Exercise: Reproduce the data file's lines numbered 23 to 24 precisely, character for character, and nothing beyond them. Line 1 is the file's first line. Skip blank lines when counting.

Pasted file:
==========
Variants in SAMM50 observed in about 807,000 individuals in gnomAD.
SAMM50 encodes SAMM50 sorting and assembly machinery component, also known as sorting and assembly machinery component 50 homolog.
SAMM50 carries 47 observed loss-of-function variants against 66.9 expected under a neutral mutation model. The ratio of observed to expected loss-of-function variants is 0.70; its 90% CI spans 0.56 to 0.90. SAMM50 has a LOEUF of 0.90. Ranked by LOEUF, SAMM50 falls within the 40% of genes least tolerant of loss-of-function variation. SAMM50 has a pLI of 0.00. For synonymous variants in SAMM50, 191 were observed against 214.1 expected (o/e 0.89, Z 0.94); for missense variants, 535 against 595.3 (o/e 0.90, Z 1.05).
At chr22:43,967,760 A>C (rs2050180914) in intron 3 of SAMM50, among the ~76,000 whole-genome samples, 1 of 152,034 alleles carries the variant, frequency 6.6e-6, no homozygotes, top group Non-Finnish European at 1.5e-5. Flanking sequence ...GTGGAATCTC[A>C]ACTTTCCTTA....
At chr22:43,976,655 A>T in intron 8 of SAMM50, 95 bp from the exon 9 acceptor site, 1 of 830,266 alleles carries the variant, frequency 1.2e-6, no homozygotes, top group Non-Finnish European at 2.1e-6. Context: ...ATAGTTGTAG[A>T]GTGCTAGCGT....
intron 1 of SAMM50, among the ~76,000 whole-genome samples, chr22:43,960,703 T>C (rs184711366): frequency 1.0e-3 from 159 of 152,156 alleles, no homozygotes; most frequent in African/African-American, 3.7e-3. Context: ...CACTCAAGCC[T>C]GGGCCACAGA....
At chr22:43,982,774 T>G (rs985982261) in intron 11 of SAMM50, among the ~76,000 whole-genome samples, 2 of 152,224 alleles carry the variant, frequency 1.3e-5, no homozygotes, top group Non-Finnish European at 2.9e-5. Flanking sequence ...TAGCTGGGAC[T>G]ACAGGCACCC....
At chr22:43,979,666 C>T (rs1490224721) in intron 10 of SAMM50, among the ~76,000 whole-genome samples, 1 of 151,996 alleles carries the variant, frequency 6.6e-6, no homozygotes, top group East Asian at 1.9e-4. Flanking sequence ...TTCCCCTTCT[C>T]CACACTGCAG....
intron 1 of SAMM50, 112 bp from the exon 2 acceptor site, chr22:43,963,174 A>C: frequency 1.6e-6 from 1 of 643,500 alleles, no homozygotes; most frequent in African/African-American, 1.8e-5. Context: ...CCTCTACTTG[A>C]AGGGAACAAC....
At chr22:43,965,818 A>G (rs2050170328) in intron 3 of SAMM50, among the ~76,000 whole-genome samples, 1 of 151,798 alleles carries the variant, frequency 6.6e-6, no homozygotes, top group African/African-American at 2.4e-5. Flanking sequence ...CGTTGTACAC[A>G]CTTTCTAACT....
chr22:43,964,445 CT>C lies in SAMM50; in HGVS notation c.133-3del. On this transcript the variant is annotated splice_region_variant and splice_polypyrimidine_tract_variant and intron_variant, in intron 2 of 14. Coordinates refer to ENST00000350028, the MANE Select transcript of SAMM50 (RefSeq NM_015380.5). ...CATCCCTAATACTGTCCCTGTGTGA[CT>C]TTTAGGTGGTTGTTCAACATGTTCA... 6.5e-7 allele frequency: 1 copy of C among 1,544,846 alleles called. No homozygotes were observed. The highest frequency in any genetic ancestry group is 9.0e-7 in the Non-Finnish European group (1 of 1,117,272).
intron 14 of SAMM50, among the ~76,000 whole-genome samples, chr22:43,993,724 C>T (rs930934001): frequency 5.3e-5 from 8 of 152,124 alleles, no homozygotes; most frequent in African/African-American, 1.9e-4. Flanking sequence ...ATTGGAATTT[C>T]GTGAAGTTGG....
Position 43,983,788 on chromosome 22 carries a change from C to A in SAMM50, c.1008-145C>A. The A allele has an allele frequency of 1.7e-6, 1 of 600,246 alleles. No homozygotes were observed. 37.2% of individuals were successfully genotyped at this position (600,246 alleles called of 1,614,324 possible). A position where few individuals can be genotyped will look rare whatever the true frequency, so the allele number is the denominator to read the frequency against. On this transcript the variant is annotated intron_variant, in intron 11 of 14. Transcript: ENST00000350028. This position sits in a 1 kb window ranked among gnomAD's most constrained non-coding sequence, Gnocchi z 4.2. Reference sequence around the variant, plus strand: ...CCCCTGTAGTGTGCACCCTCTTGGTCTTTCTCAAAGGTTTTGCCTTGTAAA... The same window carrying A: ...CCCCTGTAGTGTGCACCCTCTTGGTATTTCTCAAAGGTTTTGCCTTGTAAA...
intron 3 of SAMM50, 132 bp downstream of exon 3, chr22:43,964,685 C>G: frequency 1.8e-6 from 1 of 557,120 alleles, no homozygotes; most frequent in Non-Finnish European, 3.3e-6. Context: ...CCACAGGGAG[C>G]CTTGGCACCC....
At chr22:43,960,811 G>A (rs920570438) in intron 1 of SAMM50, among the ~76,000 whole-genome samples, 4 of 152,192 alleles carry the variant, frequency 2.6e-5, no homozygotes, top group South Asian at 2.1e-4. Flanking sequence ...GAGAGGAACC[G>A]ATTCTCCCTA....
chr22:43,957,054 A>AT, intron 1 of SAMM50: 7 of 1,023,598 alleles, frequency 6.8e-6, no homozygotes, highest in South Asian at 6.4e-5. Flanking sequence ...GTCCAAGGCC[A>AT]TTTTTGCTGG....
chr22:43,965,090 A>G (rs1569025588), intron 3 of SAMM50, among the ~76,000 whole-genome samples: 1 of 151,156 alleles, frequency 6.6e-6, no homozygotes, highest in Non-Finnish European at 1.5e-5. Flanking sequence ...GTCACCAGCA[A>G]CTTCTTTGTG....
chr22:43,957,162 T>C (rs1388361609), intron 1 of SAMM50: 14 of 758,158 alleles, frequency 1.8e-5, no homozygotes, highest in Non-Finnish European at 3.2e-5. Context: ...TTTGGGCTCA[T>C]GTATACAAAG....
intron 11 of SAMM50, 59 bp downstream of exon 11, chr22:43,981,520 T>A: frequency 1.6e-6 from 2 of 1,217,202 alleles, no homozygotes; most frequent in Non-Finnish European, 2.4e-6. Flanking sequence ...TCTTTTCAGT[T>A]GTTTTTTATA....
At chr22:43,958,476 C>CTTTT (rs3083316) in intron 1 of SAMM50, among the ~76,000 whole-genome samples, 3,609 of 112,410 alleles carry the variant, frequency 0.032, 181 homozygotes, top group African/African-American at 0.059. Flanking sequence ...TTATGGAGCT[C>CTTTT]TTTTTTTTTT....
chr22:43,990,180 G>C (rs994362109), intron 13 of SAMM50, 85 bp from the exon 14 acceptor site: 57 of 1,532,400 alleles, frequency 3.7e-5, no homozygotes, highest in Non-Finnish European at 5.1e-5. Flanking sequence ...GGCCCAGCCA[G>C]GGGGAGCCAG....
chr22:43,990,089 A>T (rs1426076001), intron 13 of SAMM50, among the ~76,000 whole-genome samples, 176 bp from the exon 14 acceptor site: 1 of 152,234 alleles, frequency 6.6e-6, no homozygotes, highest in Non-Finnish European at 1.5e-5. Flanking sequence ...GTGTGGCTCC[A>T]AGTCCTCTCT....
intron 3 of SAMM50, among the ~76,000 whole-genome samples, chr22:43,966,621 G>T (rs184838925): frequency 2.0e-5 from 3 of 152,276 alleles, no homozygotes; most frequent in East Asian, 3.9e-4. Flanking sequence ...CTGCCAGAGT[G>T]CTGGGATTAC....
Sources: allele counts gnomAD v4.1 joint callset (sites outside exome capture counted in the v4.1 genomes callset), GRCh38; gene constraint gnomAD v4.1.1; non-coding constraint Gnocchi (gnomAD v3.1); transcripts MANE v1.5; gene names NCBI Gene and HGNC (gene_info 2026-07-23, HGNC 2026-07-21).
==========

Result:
intron 3 of SAMM50, among the ~76,000 whole-genome samples, chr22:43,966,621 G>T (rs184838925): frequency 2.0e-5 from 3 of 152,276 alleles, no homozygotes; most frequent in East Asian, 3.9e-4. Flanking sequence ...CTGCCAGAGT[G>T]CTGGGATTAC....
Sources: allele counts gnomAD v4.1 joint callset (sites outside exome capture counted in the v4.1 genomes callset), GRCh38; gene constraint gnomAD v4.1.1; non-coding constraint Gnocchi (gnomAD v3.1); transcripts MANE v1.5; gene names NCBI Gene and HGNC (gene_info 2026-07-23, HGNC 2026-07-21).